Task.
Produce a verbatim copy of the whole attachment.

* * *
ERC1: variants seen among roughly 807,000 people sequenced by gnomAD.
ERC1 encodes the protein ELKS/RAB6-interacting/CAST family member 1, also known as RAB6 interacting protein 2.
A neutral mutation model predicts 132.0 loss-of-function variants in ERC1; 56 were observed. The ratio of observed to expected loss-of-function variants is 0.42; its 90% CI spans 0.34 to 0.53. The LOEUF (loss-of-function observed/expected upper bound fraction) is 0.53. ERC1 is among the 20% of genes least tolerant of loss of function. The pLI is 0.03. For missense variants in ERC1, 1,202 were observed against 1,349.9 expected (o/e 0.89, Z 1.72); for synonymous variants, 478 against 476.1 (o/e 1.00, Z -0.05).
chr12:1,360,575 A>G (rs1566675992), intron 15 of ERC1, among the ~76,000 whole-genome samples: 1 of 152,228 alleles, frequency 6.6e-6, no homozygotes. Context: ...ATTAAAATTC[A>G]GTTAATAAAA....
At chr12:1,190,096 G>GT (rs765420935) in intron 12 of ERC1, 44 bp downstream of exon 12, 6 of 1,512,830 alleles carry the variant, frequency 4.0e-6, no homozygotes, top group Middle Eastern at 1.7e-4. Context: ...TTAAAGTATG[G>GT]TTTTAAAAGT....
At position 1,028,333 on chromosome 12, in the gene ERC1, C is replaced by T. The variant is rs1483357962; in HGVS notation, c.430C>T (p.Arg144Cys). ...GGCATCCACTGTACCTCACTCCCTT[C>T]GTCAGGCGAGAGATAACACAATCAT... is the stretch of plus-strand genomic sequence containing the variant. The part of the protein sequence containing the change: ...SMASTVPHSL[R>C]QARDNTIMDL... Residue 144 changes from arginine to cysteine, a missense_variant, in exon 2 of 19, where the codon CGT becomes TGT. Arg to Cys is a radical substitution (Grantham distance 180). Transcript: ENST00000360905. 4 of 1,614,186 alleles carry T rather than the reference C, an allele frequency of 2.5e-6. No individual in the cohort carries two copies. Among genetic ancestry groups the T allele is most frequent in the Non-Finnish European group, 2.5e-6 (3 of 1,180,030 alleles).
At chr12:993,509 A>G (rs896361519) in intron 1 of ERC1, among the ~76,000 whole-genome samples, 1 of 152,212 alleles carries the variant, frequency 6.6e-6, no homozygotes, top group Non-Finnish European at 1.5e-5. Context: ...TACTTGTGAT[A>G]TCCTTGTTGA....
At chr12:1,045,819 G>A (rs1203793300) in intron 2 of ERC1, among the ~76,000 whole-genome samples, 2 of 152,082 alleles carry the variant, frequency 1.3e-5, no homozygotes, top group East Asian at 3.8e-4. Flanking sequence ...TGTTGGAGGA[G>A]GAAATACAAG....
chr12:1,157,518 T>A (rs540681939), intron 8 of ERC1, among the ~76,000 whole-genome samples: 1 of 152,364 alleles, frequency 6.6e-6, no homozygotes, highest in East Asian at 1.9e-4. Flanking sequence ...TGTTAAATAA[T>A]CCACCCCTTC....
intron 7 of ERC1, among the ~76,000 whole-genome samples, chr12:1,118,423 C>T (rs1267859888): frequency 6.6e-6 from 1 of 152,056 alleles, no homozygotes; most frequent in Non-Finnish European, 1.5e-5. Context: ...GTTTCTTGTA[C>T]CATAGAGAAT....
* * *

ERC1: variants seen among roughly 807,000 people sequenced by gnomAD.
ERC1 encodes the protein ELKS/RAB6-interacting/CAST family member 1, also known as RAB6 interacting protein 2.
A neutral mutation model predicts 132.0 loss-of-function variants in ERC1; 56 were observed. The ratio of observed to expected loss-of-function variants is 0.42; its 90% CI spans 0.34 to 0.53. The LOEUF (loss-of-function observed/expected upper bound fraction) is 0.53. ERC1 is among the 20% of genes least tolerant of loss of function. The pLI is 0.03. For missense variants in ERC1, 1,202 were observed against 1,349.9 expected (o/e 0.89, Z 1.72); for synonymous variants, 478 against 476.1 (o/e 1.00, Z -0.05).
chr12:1,360,575 A>G (rs1566675992), intron 15 of ERC1, among the ~76,000 whole-genome samples: 1 of 152,228 alleles, frequency 6.6e-6, no homozygotes. Context: ...ATTAAAATTC[A>G]GTTAATAAAA....
At chr12:1,190,096 G>GT (rs765420935) in intron 12 of ERC1, 44 bp downstream of exon 12, 6 of 1,512,830 alleles carry the variant, frequency 4.0e-6, no homozygotes, top group Middle Eastern at 1.7e-4. Context: ...TTAAAGTATG[G>GT]TTTTAAAAGT....
At position 1,028,333 on chromosome 12, in the gene ERC1, C is replaced by T. The variant is rs1483357962; in HGVS notation, c.430C>T (p.Arg144Cys). ...GGCATCCACTGTACCTCACTCCCTT[C>T]GTCAGGCGAGAGATAACACAATCAT... is the stretch of plus-strand genomic sequence containing the variant. The part of the protein sequence containing the change: ...SMASTVPHSL[R>C]QARDNTIMDL... Residue 144 changes from arginine to cysteine, a missense_variant, in exon 2 of 19, where the codon CGT becomes TGT. Arg to Cys is a radical substitution (Grantham distance 180). Transcript: ENST00000360905. 4 of 1,614,186 alleles carry T rather than the reference C, an allele frequency of 2.5e-6. No individual in the cohort carries two copies. Among genetic ancestry groups the T allele is most frequent in the Non-Finnish European group, 2.5e-6 (3 of 1,180,030 alleles).
At chr12:993,509 A>G (rs896361519) in intron 1 of ERC1, among the ~76,000 whole-genome samples, 1 of 152,212 alleles carries the variant, frequency 6.6e-6, no homozygotes, top group Non-Finnish European at 1.5e-5. Context: ...TACTTGTGAT[A>G]TCCTTGTTGA....
At chr12:1,045,819 G>A (rs1203793300) in intron 2 of ERC1, among the ~76,000 whole-genome samples, 2 of 152,082 alleles carry the variant, frequency 1.3e-5, no homozygotes, top group East Asian at 3.8e-4. Flanking sequence ...TGTTGGAGGA[G>A]GAAATACAAG....
chr12:1,157,518 T>A (rs540681939), intron 8 of ERC1, among the ~76,000 whole-genome samples: 1 of 152,364 alleles, frequency 6.6e-6, no homozygotes, highest in East Asian at 1.9e-4. Flanking sequence ...TGTTAAATAA[T>A]CCACCCCTTC....
intron 7 of ERC1, among the ~76,000 whole-genome samples, chr12:1,118,423 C>T (rs1267859888): frequency 6.6e-6 from 1 of 152,056 alleles, no homozygotes; most frequent in Non-Finnish European, 1.5e-5. Context: ...GTTTCTTGTA[C>T]CATAGAGAAT....